Monday, December 12, 2005

Men, Bees, Flowers, and Face Recognition

Brian

A new study in the Journal of Experimental Biology suggests that honeybees can be trained to recognize human faces:
In the bee study, [lead researcher Adrian G.] Dyer and two colleagues presented honeybees with photos of human faces taken from a standard human psychology test. The photos had similar lighting, background colors and sizes and included only the face and neck to avoid having the insects make judgments based on the clothing. In some cases, the people in the pictures themselves looked similar.

The researchers, with Johannes Gutenberg University in Mainz, Germany, tried to train the bees to realize that a photo of one man had a drop of a sugary liquid next to it. Different photos came with a drop of bitter liquid instead.

. . . .

The bees learned to distinguish the correct face from the wrong one with better than 80 percent accuracy, even when the faces were similar, and regardless of where the photos were placed, the researchers found. Also, just like humans, the bees performed worse when the faces were flipped upside-down.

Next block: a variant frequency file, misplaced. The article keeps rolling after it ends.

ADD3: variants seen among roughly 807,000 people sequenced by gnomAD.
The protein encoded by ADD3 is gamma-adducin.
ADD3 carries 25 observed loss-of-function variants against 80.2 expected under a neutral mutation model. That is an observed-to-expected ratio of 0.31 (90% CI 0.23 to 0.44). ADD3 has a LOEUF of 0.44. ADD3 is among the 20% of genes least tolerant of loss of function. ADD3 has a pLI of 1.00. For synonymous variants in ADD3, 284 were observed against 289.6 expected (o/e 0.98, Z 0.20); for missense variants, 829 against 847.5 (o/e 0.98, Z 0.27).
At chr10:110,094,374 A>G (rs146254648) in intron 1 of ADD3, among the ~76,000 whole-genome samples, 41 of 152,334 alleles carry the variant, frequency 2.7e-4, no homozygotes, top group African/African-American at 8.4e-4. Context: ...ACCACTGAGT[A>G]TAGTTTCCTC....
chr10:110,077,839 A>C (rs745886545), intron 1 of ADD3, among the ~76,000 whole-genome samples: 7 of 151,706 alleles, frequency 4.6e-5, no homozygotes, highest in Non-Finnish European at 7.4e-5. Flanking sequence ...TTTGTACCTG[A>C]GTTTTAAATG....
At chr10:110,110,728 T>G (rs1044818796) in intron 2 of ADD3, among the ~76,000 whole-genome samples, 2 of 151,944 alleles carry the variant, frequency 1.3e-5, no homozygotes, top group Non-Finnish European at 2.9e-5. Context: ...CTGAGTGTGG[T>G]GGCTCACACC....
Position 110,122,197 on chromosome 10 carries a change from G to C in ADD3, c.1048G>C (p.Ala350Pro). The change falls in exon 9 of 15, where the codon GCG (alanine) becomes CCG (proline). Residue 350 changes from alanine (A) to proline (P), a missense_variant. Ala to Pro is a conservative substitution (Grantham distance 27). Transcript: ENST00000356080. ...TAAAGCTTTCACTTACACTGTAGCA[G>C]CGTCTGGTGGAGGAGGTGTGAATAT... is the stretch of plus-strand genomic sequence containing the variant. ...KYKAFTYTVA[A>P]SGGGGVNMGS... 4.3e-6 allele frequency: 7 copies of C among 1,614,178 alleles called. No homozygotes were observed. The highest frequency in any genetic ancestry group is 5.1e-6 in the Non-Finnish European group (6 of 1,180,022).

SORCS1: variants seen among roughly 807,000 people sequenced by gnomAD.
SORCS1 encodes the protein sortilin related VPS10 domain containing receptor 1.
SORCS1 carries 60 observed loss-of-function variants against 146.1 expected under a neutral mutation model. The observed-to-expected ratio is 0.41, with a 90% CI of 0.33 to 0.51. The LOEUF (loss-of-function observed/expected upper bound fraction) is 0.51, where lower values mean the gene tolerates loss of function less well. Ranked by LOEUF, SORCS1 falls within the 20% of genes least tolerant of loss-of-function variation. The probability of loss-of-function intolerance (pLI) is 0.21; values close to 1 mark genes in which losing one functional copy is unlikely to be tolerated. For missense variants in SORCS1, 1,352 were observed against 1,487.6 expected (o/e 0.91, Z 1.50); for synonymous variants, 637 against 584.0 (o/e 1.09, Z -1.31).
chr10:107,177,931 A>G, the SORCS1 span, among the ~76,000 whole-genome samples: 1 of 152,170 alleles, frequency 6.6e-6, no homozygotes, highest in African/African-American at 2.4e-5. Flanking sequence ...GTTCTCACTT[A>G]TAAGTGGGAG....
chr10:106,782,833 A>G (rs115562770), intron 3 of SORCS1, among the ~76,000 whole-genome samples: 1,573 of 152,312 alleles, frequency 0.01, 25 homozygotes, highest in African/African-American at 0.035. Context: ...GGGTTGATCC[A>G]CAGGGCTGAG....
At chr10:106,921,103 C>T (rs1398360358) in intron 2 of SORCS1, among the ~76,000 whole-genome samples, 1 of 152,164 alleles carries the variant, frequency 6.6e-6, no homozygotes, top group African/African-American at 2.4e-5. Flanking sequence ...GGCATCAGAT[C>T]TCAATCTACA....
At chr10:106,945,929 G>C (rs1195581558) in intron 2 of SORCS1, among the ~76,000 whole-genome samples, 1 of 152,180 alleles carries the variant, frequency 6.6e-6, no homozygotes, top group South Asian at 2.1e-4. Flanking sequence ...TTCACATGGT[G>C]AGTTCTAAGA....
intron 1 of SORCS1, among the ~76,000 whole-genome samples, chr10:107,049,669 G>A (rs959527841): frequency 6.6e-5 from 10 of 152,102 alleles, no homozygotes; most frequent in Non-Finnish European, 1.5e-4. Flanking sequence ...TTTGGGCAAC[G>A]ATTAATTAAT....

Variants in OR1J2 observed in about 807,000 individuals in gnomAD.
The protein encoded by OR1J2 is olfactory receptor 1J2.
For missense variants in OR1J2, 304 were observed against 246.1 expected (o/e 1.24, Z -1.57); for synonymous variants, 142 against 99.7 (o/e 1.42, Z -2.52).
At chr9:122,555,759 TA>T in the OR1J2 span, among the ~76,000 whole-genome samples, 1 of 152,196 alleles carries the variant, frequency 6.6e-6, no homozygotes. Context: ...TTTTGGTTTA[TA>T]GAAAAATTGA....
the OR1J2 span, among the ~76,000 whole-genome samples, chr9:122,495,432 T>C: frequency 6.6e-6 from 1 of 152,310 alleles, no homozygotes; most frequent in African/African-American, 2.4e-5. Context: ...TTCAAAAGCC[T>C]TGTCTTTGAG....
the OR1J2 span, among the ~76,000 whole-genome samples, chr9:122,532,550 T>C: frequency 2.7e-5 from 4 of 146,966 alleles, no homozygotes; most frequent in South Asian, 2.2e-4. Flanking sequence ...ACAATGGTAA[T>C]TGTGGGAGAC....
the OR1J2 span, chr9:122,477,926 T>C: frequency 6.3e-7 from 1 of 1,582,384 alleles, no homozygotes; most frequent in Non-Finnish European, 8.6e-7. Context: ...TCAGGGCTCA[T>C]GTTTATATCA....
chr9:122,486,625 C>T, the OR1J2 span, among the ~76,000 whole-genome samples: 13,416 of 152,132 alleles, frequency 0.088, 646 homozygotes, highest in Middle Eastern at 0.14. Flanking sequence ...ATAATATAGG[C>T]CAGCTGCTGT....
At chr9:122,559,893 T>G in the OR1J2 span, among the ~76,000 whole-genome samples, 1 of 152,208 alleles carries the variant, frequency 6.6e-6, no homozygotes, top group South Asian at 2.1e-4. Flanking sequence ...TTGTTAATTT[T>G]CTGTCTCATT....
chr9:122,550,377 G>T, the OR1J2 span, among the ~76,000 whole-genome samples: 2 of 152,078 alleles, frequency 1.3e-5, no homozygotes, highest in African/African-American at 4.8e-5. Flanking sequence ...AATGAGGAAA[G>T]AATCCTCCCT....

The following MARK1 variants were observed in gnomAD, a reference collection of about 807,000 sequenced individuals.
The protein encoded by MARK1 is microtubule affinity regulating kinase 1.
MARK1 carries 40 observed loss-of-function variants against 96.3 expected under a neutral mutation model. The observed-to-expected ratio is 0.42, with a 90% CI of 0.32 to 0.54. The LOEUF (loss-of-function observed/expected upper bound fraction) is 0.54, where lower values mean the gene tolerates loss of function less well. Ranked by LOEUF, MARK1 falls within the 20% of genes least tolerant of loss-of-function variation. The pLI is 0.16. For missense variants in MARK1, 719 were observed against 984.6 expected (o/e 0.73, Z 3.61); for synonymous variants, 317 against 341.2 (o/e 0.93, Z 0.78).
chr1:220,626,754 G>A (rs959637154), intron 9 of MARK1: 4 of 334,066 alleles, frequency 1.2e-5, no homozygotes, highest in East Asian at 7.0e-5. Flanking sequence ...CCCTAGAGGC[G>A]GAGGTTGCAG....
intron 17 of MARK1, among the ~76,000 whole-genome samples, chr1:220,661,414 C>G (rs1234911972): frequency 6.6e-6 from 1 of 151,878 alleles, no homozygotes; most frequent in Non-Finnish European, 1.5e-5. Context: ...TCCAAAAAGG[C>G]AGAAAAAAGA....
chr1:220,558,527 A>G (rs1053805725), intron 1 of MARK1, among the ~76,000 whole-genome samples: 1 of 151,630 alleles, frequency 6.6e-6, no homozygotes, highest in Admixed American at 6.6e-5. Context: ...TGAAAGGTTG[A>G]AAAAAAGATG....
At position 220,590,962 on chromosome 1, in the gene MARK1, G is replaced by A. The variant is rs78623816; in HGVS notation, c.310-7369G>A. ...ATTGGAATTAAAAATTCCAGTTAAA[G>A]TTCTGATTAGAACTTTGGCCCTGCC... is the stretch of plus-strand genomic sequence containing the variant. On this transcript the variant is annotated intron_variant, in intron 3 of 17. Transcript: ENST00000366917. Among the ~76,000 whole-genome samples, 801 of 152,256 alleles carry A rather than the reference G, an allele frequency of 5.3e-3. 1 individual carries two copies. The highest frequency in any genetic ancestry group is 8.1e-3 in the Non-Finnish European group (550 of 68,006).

Link (via BoingBoing). There is speculation that the bees are using the same pattern-recognition abilities that allows them to distinguish between species of flowers. Since they don't possess human brains, odds are they aren't using the same functions people have at their disposal, which are intriguing in their own right:
A team from University College London says the first [neurological stage of facial recognition] assesses a face's physical aspects.

The second decides if it is known or unknown. If it is a recognisable face, the third part puts a name to it.

. . . .

The researchers say analysing how we respond to the stages of "morphing" a recognisable figure such as Margaret Thatcher into Marilyn Monroe gives clues as to how we process the facial features we see.

. . . .

A face that was 60% Marilyn Monroe and 40% Margaret Thatcher will be identified as an older version of Marilyn Monroe.

But an image which is 40% Marilyn and 60% Maggie will be seen as the "sexier" side of Margaret Thatcher, say the researchers.
Link. Personally, I'd take an older Marilyn over a "sexy" Margaret Thatcher any day of the week.


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Image credits: (1) Honeybee inspecting a face, courtesy the
Journal of Experimental Biology, borrowed for news-reporting and comment purposes; (2) Marilyn Monroe morphing into Margaret Thatcher, courtesy Nature Neuroscience, borrowed for news-reporting and comment purposes.